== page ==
Auditory confrontation naming in alzheimer's disease

Jason Brandt, Arnold Bakker, David Aaron Maroof

Research output: Contribution to journalArticlepeer-review

7 Scopus citations


Naming is a fundamental aspect of language and is virtually always assessed with visual confrontation tests. Tests of the ability to name objects by their characteristic sounds would be particularly useful in the assessment of visually impaired patients, and may be particularly sensitive in Alzheimer's disease (AD). We developed an auditory naming task, requiring the identification of the source of environmental sounds (i.e., animal calls, musical instruments, vehicles) and multiple-choice recognition of those not identified. In two separate studies mild-to-moderate AD patients performed more poorly than cognitively normal elderly on the auditory naming task. This task was also more difficult than two versions of a comparable visual naming task, and correlated more highly with Mini-Mental State Exam score. Internal consistency reliability was acceptable, although ROC analysis revealed auditory naming to be slightly less successful than visual confrontation naming in discriminating AD patients from normal participants. Nonetheless, our auditory naming task may prove useful in research and clinical practice, especially with visually impaired patients.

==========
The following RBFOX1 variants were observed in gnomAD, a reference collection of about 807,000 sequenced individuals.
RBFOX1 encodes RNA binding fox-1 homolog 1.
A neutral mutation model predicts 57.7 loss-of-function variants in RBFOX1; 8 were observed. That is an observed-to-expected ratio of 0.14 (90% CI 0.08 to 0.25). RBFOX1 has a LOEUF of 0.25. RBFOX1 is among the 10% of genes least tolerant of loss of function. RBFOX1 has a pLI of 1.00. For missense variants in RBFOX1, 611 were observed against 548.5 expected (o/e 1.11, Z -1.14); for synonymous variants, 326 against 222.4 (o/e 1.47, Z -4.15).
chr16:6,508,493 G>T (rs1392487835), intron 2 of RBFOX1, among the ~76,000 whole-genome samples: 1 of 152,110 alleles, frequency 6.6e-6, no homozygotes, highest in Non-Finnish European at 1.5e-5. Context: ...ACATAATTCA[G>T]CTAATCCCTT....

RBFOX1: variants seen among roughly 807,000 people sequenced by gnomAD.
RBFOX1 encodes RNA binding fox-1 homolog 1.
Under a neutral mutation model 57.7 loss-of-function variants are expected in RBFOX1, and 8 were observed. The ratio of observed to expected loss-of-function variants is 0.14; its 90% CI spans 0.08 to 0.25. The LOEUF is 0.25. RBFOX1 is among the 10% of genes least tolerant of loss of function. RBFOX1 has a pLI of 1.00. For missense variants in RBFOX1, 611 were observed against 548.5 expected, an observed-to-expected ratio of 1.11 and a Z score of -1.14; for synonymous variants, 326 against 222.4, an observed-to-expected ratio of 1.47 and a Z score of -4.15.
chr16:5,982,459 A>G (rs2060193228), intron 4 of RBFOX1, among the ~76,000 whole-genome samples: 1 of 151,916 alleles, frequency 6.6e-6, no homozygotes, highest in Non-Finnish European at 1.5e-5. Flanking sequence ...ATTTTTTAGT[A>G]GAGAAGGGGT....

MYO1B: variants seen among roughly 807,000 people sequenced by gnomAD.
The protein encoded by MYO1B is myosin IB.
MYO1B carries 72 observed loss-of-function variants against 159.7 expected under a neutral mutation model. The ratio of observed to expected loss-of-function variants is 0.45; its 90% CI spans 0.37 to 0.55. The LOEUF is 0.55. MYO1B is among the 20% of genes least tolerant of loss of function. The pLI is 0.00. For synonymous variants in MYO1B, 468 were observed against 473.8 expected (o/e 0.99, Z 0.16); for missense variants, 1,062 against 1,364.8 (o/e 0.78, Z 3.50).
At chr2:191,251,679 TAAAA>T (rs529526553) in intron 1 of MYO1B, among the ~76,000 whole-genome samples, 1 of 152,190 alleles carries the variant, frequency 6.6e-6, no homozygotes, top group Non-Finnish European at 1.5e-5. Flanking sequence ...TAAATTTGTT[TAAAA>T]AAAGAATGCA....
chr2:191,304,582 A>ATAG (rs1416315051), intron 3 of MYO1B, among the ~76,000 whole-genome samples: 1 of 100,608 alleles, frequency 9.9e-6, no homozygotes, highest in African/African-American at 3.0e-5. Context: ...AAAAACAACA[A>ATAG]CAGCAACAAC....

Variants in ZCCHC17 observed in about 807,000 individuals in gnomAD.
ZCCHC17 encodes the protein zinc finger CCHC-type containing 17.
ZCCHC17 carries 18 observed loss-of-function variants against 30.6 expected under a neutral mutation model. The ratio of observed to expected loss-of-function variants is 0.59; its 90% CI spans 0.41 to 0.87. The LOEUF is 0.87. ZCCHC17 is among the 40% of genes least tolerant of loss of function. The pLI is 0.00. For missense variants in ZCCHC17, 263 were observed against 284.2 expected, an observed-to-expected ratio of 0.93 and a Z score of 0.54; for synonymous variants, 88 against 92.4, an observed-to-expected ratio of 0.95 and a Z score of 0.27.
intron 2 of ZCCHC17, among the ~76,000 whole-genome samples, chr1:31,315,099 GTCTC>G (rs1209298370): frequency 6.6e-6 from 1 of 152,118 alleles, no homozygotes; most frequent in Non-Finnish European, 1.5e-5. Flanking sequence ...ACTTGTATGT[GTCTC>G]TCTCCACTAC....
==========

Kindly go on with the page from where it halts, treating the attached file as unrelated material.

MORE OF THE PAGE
Original languageEnglish (US)
Pages (from-to)1326-1338
Number of pages13
JournalClinical Neuropsychologist
Issue number8
StatePublished - Nov 2010


  • Alzheimer's disease
  • Naming
  • Test development

ASJC Scopus subject areas

  • Neuropsychology and Physiological Psychology
  • Psychiatry and Mental health
  • Clinical Psychology
  • Developmental and Educational Psychology
  • Arts and Humanities (miscellaneous)


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